King Lear as a Tragic Hero

In: English and Literature

Submitted By marta123
Words 985
Pages 4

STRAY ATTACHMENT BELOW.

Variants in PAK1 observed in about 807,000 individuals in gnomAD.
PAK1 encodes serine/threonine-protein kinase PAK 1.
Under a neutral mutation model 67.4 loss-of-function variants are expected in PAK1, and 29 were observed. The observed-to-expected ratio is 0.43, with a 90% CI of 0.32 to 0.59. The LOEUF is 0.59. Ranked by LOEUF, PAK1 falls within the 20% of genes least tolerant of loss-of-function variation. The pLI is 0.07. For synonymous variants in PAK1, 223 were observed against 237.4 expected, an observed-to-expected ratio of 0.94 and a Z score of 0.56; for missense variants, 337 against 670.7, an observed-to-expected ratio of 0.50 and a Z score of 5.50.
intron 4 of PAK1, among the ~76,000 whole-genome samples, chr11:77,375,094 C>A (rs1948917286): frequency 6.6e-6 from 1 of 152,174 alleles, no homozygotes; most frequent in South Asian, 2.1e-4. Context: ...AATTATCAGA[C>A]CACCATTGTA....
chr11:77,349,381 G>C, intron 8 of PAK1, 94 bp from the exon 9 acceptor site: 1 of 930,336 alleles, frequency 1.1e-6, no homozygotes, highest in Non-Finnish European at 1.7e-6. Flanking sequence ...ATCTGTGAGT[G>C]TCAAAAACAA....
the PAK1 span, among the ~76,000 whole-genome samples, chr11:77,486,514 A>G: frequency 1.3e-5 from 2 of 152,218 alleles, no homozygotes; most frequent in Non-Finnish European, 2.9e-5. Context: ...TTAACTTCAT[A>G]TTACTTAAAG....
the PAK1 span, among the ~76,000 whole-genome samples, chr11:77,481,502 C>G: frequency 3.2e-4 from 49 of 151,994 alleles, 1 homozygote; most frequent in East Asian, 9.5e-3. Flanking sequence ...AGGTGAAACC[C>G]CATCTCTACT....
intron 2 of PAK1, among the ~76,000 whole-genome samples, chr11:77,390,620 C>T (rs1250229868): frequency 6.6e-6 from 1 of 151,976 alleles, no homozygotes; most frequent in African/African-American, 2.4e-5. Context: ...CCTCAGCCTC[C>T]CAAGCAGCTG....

The idea of the tragic hero was created in ancient Greek tragedy and defined by Aristotle (and others). Usually, this includes the realization of the error (anagnorisis), which results in catharsis or epiphany. Aristotle said that tragedy is characterised by seriousness and dignity and involving a great person who experiences a reversal of fortune. Aristotle’s definition can include a change of fortune from good to bad, this affects pity and fear within the audience. Tragedy results in catharsis (emotional cleansing) or healing for the audience through their experience of these emotions in response to the suffering of the characters in the drama/play. According to Aristotle a tragic hero must be a noble person and also hold a “high” status in society. The character must also have an error in judgement (hamartia). Often the character’s ‘hamartia’ involves hubris (excessive pride). The hero must have a reversal of fortune brought by the hero’s tragic flaw although the downfall will not be a complete loss. It should be noticed that the hero`s downfall is his own fault because he has free choice, but his misfortune is not wholly deserved. At the end of the play the hero will gain some sort of self-knowledge or have a sense of realisation as a result of his actions in which the audience will somewhat feel satisfied. In King Lear by William Shakespeare, Lear the main character showed that he has all the necessary requirements of a `tragic hero`, his high social status leads him to his hamartia, which is his pride and egotism. King Lear`s downfall is due to his error in judgment which leads him to his own destructions. At the end of the play King Lear became a better person because of this the audience feels pity and the audience begins to think that he does not deserve that much punishment. King Lear at the beginning of the play does not seem like a tragic hero because of…...

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